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    Wound Care for Horses

    Authored by Katie Navarra

    The old proverb, “curiosity killed the cat,” warns of the dangers of curiosity. Horses are the perfect example of how curiosity can lead to trouble. Horses are curious by nature, which often leads to wounds on the face and legs.

    “Usually, horses get wounds on the face or legs. It’s not uncommon for them to catch a nose or an eyelid on something,” said Beau Whitaker, DVM, a partner of Brazos Valley Equine Hospitals with locations in Texas and Arizona.

    “The good news is that the face has a large blood supply because the body wants to keep the brain functioning. So even though it looks like a lot of blood loss, lacerations on the face heal well because of the amount of blood available for healing,” he said.

    Knowing best wound care practices for horses can help you take care of a cut or laceration to speed up the healing process. Here’s what you need to know.

    4 horse wound care tips

    In some cases, wounds are immediately visible. Others may be less obvious. Check your horse regularly for any signs of a cut or laceration and if you find an injury, follow these five steps.

    Step 1: If the wound is bleeding profusely, apply a pressure bandage to stem the flow.

    Step 2: If bleeding is not severe, flush the area with tap water. Hosing the area is often easiest. Filling a bucket with water and using a sponge is another choice.

    Step 3: Clean the area with betadine or an equine antiseptic. Dr. Whitaker recommends against cleaning horse wounds with hydrogen peroxide as the solution can potentially damage sensitive cells or tissues.

    Step 4: Apply a topical antibacterial ointment or spray and a pressure bandaged if needed. Call or text your veterinarian to decide if the wound can easily be treated at home or if the horse needs medical attention.

    Step 5: If the wound looks a few days old it may be too late to be sutured by a veterinarian but depending on the location and size the horse may still need medical care. First clean the wound thoroughly and remove any dead skin or debris. If the wound is on a leg it may benefit from a bandage, or if infected antibiotics may be administered. It is also important to make sure your horse has been vaccinated for tetanus. I have seen several horses with tetanus due to lack of vaccination.

    Cell phones and email make it easier than ever to check-in with a veterinarian and get their feedback on how to treat an injury.

    “A wound may not look severe, but when it occurs around a joint or tendon sheath -, it can get easily infected,” he said. “I’ve seen the tiniest nick over a joint turn into a severe situation.”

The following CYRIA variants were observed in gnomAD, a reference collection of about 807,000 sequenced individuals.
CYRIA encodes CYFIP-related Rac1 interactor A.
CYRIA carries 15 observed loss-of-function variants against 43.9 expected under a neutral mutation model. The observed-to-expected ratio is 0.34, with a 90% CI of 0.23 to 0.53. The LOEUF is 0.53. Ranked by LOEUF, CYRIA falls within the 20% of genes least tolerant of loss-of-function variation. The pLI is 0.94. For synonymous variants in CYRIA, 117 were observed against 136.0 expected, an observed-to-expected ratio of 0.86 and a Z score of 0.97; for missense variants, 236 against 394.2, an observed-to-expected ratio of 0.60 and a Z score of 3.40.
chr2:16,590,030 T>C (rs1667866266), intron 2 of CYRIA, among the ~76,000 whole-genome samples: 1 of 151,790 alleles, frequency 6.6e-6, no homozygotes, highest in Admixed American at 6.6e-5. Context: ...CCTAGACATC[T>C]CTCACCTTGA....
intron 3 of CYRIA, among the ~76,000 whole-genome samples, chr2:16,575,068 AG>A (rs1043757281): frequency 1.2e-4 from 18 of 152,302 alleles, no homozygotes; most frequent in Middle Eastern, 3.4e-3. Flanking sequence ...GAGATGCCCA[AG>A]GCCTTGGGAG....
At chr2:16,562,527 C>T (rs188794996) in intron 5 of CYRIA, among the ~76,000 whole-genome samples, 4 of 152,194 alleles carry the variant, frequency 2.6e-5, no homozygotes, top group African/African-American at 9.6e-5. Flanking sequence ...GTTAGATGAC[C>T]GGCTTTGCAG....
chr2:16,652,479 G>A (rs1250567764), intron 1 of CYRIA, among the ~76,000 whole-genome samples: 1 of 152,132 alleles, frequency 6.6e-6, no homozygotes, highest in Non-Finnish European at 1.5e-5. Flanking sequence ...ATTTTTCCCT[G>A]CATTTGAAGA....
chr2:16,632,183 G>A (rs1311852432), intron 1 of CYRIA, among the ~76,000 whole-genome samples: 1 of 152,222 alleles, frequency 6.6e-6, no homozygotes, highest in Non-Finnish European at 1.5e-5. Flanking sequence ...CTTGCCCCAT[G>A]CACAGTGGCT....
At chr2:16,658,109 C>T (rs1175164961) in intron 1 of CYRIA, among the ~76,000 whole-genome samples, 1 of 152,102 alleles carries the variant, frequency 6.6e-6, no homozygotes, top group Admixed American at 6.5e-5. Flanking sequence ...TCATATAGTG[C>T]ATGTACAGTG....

5 wound care supplies

    First aid supplies are critical to treating a wound, preventing bacteria from entering the area, and creating an infection. Dr. Whitaker recommends keeping these basic wound care supplies on hand to limit infections:

    • Triple antibiotic topical (cream or spray)
    • Non-stick sterile pads
    • Gauze
    • Cotton padding
    • Adhesive wrap to secure a bandage

    Bandaging basics

    Bandages play a critical role in the healing process. Pressure stems the blood flow and restricts motion during healing. Compression bandages also reduce the chances that proud flesh will develop and decrease scarring. However, if done incorrectly, bandaging can cause more harm than good.

    “Often, I’ve seen people bandage without enough padding between the horse’s skin and the wrap,” he said. “In one case, the client applied an adhesive wrap directly over the wound. It got wet and turned into a tourniquet cutting off blood flow. As a result, the horse lost its hoof.”

    If you’re unfamiliar with correctly applying a bandage, ask your veterinarian for a tutorial. Experienced trainers, Pony Club and 4-H club leaders can also teach this skill.

    Advancements in wound care for horses

    Innovations developed for healing human wounds have spilled into horse care so that horses can heal quickly and thoroughly. For example, silver sulfadiazine cream first developed for use on human burn victims is one of Dr. Whitaker’s preferred topicals to treat wounds. It requires a prescription but is highly effective at preventing infections and is even gentle enough to be used to treat corneal ulcerations.

    “Since it was developed and approved for use in humans, I even keep some around to use on myself when I get a wound,” he said.

    Regenerative medicine treatments created for people are also decreasing scarring and improving recovery in horses. One treatment Dr. Whitaker recommends clients use on a laceration is amnion patches made of amniotic membranes collected and preserved after a mare delivers a foal. 

    "Tissues from the amniotic sack have significantly reduced and improved healing time," he said. “All of these can add significant costs to treating wounds but have greatly improved the healing process, so the horse is not left with a large, unsightly scar or mark."

    Decrease opportunity for horse wounds

    It’s unrealistic to think you can prevent 100% of wounds. Horses are experts at getting hurt; some might even find a way to get a minor cut in a padded stall. However, reducing hazards in the stall, the trailer, and the pasture can help reduce the frequency and severity of wounds.

    • Check stalls and fences for protruding nails.
    • Remove debris like downed limbs or old equipment from turnout areas.
    • Observe herd behavior and separate those that consistently “can’t get along.”
    • Cover bucket handles with a heavy tape or bandage adhesive to avoid catching a nose or eyelid.